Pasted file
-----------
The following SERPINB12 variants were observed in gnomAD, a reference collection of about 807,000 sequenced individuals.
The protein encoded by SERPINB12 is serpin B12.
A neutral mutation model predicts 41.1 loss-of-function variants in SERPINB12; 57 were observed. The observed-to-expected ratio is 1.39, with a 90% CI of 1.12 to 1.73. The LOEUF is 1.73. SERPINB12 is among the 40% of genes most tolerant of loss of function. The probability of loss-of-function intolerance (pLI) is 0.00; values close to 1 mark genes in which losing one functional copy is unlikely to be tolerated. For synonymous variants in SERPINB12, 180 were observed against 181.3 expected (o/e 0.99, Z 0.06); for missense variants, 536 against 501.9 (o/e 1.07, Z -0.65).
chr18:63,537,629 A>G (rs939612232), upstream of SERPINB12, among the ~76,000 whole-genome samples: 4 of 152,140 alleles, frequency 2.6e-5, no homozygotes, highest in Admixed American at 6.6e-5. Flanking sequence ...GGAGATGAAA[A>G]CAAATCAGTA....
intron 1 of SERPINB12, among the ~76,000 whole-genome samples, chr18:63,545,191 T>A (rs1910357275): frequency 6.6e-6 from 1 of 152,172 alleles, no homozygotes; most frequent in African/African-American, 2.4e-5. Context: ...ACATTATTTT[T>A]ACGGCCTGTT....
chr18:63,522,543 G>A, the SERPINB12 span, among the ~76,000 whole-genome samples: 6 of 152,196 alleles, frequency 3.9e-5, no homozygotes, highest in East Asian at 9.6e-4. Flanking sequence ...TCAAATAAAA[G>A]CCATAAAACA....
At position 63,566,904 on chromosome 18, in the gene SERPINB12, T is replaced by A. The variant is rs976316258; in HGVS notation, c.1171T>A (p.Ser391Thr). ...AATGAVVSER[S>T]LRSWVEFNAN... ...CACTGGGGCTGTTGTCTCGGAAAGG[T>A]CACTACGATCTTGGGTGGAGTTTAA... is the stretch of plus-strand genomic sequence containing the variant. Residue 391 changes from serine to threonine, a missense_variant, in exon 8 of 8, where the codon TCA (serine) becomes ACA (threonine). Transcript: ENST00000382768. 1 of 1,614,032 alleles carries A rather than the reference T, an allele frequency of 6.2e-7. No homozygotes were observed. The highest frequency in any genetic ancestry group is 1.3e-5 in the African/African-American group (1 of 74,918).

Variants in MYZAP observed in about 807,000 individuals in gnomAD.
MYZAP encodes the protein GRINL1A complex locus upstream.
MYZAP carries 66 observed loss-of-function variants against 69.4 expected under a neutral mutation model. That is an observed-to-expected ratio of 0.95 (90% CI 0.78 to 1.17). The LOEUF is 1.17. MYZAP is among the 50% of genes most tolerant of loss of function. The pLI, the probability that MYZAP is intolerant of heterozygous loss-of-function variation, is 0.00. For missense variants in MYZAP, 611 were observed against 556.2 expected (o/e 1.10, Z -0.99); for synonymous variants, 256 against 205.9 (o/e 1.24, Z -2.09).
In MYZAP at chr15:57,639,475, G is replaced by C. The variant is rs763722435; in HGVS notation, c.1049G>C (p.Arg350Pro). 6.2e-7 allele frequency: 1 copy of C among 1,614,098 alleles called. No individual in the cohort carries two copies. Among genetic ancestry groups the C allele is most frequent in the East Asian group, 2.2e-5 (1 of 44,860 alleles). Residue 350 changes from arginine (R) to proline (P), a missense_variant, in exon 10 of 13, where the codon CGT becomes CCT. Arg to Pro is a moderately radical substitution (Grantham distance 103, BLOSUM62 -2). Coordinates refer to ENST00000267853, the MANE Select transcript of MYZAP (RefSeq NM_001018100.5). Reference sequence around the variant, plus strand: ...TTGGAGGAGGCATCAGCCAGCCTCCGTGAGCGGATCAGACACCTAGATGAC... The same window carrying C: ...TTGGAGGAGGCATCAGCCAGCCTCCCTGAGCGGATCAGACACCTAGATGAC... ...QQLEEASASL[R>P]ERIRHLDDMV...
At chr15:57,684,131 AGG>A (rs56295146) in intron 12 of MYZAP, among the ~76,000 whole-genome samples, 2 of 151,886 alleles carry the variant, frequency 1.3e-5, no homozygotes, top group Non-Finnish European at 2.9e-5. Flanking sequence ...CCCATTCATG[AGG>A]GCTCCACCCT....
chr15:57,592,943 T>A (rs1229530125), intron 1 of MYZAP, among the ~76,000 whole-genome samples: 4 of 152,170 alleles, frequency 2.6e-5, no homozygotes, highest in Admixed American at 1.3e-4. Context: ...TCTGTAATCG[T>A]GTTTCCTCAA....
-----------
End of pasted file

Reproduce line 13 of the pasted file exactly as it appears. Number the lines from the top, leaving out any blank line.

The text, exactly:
chr15:57,592,943 T>A (rs1229530125), intron 1 of MYZAP, among the ~76,000 whole-genome samples: 4 of 152,170 alleles, frequency 2.6e-5, no homozygotes, highest in Admixed American at 1.3e-4. Context: ...TCTGTAATCG[T>A]GTTTCCTCAA....